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Churches have important work to do


Progressive churches have important work to do in the four years ahead.

They don’t need to become aligned with the Democratic Party. But they do need to become political. By that I mean tending to the politics of the day, namely, change, frustration, anger, some truly awful people planning to do bad things to their enemies, and a lot of good people on all sides wondering what direction American democracy is going.

By being political, I mean paying attention to wealth, greed, economic insecurity, justice, oppression, tolerance, enabling people to live freely. Those are topics that Jesus addressed.

Churches need to listen more and talk less. Clearly, we are isolated from each other in America, living inside our safe bubbles. We need to be led outside our bubbles. Faith communities can do that leading. We need especially to seek out and listen to people unlike ourselves. The tendency of churches to serve specific and narrow tribes no longer works.

We need to drop our elitist attitude of noblesse oblige. Mission is far more than giving handouts to the poor. It is living with the poor, identifying with the poor, taking the marginalized seriously as children of God and not as objects of pity. We need to understand the forces that grind so many people down, and ask what we can do about these forces, especially when we are among those doing the grinding. For some congregations, that will mean calling out our own people and asking them to do better.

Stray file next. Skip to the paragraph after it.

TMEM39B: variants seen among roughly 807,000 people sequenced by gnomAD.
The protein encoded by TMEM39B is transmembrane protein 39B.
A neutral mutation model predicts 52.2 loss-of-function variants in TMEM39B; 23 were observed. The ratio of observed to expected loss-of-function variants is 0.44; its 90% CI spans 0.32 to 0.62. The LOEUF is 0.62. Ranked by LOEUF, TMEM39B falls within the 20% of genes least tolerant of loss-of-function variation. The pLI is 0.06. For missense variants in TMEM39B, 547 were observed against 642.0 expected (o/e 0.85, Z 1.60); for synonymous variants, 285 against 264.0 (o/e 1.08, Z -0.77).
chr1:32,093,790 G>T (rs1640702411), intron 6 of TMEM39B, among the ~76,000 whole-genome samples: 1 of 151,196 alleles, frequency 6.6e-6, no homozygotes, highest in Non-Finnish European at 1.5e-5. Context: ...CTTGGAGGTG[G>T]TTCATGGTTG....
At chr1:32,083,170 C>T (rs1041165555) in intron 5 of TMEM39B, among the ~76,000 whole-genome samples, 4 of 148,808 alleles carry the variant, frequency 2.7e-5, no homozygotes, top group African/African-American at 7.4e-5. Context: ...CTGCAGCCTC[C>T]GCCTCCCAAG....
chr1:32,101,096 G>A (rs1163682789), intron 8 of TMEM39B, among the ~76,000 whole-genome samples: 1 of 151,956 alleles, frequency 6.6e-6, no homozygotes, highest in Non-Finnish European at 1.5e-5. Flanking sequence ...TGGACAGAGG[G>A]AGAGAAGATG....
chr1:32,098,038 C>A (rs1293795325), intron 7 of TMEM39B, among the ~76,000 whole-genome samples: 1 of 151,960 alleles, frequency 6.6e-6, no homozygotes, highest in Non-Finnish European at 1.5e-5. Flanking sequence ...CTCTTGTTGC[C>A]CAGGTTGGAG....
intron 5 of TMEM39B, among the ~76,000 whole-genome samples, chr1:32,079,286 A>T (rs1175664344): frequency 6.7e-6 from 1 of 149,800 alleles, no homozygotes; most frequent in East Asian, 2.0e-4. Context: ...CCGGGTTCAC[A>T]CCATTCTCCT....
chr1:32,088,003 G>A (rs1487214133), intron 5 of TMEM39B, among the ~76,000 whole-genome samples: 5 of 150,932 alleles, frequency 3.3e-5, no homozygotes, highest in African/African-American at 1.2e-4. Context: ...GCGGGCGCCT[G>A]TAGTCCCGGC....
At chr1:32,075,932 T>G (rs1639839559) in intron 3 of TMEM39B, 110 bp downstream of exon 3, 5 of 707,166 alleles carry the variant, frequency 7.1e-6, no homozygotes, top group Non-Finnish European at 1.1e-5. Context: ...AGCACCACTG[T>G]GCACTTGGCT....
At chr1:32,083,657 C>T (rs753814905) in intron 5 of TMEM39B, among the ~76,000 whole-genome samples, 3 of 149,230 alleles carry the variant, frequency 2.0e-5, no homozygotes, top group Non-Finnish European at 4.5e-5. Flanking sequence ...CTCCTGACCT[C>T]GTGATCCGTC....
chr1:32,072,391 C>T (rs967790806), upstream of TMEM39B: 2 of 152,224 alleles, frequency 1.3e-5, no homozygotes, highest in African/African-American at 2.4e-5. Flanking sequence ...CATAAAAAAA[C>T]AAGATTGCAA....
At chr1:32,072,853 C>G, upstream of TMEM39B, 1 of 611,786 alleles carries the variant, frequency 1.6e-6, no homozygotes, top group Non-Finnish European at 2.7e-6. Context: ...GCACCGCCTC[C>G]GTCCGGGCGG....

We need to reclaim the heart of the Gospel, which has been lost in our fascination with church institutions, liturgies, ordinations and hiring, and facilities. The Sermon on the Mount should be our guide, not the church budget.

We should be grounding people in Biblical ethics, not in denominational tradition. The Jesus who actually was and the prophetic literature that formed him are our road forward. Following this road will be profoundly disturbing to many people. We could find ourselves at odds. To have meaningful discussion and to embrace change of mind, we need solid grounding.

We need to become “relevant,” by which I don’t mean “trendy” or “hip,” but related to other people, caring about their lives, ministering to their needs, getting outside ourselves.

We need to stand tall against the darkness, whatever form it takes. This could entail a level of risk that we are unaccustomed to taking. We have wanted people to like us. We need them, more than that, to respect us and see in us the reality of God’s love.

We have our issues, and we care about our issues. Our church families have people who feel passionate about gay rights, women’s equality, immigrant rights, economic justice, racial justice. Going forward, I think we need to work together, not as special interest blocs, but as Gospel citizens who sense the overarching thing God has been wanting to do in us, namely, bring about a new creation.

Our Sunday services need to change. Our leadership meetings need to change. Our spending priorities need to change. We have been too much about ourselves. The world needs us to look outward and care about larger movements of the Spirit.

About the Author

Tom Ehrich is a writer, church consultant and Episcopal priest based in New York. He is the publisher of A Fresh Day online magazine, author of On a Journey and two national newspaper columns.


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